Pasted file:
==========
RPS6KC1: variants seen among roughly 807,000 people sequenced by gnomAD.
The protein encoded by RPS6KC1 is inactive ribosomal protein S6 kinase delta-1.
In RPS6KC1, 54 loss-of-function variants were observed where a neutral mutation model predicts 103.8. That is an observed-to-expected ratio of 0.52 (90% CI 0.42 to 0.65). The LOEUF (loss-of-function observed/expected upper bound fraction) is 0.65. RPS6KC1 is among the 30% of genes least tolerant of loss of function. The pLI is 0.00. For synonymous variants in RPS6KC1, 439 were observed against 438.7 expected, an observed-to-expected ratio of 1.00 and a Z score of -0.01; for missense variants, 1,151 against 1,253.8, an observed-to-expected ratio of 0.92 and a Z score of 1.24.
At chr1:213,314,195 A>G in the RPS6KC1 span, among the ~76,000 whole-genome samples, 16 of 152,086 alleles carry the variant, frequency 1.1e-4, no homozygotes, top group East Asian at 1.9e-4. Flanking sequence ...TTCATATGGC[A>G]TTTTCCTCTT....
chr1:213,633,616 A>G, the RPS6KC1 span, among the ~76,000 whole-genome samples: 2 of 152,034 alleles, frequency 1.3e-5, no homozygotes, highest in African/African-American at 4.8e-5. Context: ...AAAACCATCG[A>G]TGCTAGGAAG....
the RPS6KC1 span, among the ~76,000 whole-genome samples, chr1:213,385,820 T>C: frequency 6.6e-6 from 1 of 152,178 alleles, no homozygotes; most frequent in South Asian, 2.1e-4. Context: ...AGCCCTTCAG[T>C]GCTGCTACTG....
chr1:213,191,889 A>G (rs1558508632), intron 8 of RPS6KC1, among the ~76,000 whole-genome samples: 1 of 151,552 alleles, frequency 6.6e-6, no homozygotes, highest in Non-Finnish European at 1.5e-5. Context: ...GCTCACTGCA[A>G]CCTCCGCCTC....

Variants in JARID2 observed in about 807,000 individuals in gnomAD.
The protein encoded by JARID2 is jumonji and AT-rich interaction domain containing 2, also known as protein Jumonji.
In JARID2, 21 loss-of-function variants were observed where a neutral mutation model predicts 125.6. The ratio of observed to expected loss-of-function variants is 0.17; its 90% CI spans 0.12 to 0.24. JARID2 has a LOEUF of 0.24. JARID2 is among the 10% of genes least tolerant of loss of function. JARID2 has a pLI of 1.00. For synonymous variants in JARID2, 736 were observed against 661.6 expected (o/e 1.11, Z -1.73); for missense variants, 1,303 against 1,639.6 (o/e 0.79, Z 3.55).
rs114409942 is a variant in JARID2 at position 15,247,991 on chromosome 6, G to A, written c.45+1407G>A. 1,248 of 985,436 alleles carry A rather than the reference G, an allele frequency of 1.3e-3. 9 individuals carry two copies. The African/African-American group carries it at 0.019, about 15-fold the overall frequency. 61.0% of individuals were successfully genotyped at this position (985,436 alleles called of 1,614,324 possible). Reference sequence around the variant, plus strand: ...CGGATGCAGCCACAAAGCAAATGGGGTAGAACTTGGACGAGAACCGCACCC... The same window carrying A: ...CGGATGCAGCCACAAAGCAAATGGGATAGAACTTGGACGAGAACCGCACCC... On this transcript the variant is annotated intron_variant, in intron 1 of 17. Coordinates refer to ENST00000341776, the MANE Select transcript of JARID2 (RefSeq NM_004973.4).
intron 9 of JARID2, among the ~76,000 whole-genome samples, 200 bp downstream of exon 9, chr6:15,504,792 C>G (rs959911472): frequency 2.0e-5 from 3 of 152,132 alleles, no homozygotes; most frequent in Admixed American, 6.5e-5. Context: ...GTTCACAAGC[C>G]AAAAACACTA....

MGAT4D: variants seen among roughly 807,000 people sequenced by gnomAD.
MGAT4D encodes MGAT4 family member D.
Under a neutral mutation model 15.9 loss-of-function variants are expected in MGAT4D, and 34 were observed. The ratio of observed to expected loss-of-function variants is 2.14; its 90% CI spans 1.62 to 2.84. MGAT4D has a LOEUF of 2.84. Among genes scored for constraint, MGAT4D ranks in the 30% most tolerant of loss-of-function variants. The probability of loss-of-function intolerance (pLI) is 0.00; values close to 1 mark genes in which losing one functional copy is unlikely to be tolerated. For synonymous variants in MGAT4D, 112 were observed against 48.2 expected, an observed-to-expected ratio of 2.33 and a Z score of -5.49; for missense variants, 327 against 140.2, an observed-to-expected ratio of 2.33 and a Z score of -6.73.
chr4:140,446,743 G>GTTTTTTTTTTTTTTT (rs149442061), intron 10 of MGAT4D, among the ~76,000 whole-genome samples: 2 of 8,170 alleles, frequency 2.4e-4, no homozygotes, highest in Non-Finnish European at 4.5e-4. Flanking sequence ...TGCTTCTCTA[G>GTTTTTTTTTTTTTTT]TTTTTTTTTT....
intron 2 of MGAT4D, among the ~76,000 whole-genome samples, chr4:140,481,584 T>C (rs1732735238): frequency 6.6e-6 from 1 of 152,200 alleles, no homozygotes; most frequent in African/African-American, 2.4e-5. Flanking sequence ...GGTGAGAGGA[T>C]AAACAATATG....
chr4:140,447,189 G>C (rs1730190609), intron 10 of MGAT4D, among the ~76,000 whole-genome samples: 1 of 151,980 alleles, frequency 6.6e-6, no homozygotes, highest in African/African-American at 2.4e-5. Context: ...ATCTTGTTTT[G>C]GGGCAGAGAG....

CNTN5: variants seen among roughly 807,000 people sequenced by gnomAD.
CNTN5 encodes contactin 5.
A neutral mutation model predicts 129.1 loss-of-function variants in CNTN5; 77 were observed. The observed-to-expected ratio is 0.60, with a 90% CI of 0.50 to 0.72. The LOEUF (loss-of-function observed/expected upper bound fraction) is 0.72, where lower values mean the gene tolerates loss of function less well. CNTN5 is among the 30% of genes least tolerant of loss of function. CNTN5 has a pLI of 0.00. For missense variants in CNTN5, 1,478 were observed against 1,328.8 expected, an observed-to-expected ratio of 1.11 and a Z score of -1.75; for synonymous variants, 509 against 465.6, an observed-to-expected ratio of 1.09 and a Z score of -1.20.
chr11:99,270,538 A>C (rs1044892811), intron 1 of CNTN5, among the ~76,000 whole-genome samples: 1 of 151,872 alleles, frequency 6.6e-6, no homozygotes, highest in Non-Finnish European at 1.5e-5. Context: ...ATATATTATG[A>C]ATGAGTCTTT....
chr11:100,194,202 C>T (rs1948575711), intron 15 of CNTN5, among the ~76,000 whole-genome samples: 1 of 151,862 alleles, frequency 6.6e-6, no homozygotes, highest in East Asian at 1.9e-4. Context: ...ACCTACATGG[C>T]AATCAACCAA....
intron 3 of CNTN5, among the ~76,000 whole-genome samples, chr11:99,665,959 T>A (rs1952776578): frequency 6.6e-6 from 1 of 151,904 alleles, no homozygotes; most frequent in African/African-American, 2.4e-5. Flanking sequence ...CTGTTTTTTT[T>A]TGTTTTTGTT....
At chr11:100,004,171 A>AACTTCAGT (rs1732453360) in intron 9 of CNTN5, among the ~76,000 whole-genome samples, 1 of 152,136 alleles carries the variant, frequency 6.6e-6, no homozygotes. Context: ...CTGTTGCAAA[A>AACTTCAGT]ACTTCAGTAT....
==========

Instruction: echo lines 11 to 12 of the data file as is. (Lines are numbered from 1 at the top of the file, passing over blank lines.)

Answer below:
rs114409942 is a variant in JARID2 at position 15,247,991 on chromosome 6, G to A, written c.45+1407G>A. 1,248 of 985,436 alleles carry A rather than the reference G, an allele frequency of 1.3e-3. 9 individuals carry two copies. The African/African-American group carries it at 0.019, about 15-fold the overall frequency. 61.0% of individuals were successfully genotyped at this position (985,436 alleles called of 1,614,324 possible). Reference sequence around the variant, plus strand: ...CGGATGCAGCCACAAAGCAAATGGGGTAGAACTTGGACGAGAACCGCACCC... The same window carrying A: ...CGGATGCAGCCACAAAGCAAATGGGATAGAACTTGGACGAGAACCGCACCC... On this transcript the variant is annotated intron_variant, in intron 1 of 17. Coordinates refer to ENST00000341776, the MANE Select transcript of JARID2 (RefSeq NM_004973.4).
intron 9 of JARID2, among the ~76,000 whole-genome samples, 200 bp downstream of exon 9, chr6:15,504,792 C>G (rs959911472): frequency 2.0e-5 from 3 of 152,132 alleles, no homozygotes; most frequent in Admixed American, 6.5e-5. Context: ...GTTCACAAGC[C>G]AAAAACACTA....